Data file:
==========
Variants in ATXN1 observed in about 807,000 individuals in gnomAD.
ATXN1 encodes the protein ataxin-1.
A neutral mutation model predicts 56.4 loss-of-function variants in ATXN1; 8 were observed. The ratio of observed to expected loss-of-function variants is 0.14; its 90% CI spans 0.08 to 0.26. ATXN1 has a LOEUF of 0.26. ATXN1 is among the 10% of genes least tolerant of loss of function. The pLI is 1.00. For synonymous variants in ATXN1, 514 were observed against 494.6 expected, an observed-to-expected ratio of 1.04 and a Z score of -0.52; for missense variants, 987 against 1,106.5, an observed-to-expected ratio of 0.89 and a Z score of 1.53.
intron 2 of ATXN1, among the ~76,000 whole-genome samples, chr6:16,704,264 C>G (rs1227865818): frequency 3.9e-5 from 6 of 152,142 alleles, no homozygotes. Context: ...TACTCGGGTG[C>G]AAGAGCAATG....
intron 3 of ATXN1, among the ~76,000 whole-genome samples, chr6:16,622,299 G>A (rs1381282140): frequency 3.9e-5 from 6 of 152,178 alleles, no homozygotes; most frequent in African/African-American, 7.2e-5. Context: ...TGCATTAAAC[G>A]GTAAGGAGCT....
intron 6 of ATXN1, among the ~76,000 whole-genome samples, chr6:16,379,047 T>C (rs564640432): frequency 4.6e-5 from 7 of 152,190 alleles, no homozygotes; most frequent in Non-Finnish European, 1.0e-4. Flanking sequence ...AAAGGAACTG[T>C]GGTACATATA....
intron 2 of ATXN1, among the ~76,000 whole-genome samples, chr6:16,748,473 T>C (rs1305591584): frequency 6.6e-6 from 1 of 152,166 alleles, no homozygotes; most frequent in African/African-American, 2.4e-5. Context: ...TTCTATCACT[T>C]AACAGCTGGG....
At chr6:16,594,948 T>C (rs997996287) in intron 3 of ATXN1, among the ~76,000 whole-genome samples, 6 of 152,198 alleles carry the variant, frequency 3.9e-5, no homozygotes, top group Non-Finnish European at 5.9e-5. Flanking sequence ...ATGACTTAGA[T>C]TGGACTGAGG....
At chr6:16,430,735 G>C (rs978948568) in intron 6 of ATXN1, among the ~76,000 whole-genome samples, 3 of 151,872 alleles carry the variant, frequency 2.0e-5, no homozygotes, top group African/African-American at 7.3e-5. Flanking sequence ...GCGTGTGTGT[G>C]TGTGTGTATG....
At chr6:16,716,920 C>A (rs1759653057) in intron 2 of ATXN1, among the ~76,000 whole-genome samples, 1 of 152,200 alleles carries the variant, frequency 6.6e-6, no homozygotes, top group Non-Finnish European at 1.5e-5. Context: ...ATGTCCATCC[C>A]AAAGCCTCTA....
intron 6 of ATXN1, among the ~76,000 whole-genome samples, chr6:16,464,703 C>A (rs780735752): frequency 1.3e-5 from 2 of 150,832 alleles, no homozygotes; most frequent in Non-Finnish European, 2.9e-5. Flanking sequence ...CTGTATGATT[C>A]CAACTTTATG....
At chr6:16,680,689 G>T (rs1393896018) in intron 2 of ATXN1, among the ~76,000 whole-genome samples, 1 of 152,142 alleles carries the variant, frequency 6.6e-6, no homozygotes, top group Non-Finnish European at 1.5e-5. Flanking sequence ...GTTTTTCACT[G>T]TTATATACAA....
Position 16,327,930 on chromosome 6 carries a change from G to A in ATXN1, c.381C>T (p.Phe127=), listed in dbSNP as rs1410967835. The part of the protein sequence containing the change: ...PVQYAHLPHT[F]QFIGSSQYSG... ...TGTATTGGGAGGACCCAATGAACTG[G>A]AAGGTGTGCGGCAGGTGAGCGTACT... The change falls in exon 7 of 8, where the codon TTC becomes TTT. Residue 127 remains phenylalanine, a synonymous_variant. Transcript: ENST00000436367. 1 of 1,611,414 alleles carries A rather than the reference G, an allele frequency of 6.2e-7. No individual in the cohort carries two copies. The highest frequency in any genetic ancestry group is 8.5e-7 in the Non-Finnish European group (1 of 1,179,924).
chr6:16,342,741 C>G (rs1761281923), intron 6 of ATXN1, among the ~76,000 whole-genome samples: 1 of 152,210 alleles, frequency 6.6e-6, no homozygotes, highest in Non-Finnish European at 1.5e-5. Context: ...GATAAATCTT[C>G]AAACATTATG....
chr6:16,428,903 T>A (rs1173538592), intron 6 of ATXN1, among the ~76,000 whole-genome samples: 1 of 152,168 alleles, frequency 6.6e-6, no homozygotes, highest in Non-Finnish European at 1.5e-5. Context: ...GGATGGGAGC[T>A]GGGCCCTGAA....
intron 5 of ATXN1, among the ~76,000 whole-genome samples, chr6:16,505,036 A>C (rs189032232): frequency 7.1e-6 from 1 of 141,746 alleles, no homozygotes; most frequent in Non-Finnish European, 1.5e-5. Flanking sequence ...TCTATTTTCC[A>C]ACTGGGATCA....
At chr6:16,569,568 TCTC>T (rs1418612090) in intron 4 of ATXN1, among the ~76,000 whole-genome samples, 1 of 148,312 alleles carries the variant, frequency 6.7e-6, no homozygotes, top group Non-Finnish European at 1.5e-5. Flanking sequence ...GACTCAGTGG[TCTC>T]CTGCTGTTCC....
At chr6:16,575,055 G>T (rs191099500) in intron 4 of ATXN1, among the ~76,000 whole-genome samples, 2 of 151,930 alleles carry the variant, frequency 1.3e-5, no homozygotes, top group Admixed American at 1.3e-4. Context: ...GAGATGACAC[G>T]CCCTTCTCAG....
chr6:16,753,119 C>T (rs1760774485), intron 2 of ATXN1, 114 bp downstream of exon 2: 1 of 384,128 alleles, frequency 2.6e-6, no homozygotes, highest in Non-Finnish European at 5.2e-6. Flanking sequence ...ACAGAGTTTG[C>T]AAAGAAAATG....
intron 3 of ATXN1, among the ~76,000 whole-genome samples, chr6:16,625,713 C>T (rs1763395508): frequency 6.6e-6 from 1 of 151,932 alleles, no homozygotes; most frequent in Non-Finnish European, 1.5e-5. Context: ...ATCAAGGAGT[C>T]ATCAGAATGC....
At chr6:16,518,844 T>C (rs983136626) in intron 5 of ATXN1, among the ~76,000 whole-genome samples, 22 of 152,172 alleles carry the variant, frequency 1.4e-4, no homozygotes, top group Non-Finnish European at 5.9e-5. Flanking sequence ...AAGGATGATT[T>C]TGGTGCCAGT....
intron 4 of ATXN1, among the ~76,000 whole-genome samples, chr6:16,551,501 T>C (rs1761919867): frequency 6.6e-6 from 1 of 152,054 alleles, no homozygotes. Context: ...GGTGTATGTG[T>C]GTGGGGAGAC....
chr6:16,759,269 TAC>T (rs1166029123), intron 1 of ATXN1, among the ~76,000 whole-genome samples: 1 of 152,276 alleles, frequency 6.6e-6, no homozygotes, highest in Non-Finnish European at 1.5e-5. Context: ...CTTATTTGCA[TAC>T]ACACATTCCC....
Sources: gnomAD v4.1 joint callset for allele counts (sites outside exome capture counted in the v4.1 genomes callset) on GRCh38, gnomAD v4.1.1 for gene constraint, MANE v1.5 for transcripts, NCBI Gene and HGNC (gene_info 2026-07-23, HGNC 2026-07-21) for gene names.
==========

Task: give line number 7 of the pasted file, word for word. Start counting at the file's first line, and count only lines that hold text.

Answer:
intron 2 of ATXN1, among the ~76,000 whole-genome samples, chr6:16,748,473 T>C (rs1305591584): frequency 6.6e-6 from 1 of 152,166 alleles, no homozygotes; most frequent in African/African-American, 2.4e-5. Context: ...TTCTATCACT[T>C]AACAGCTGGG....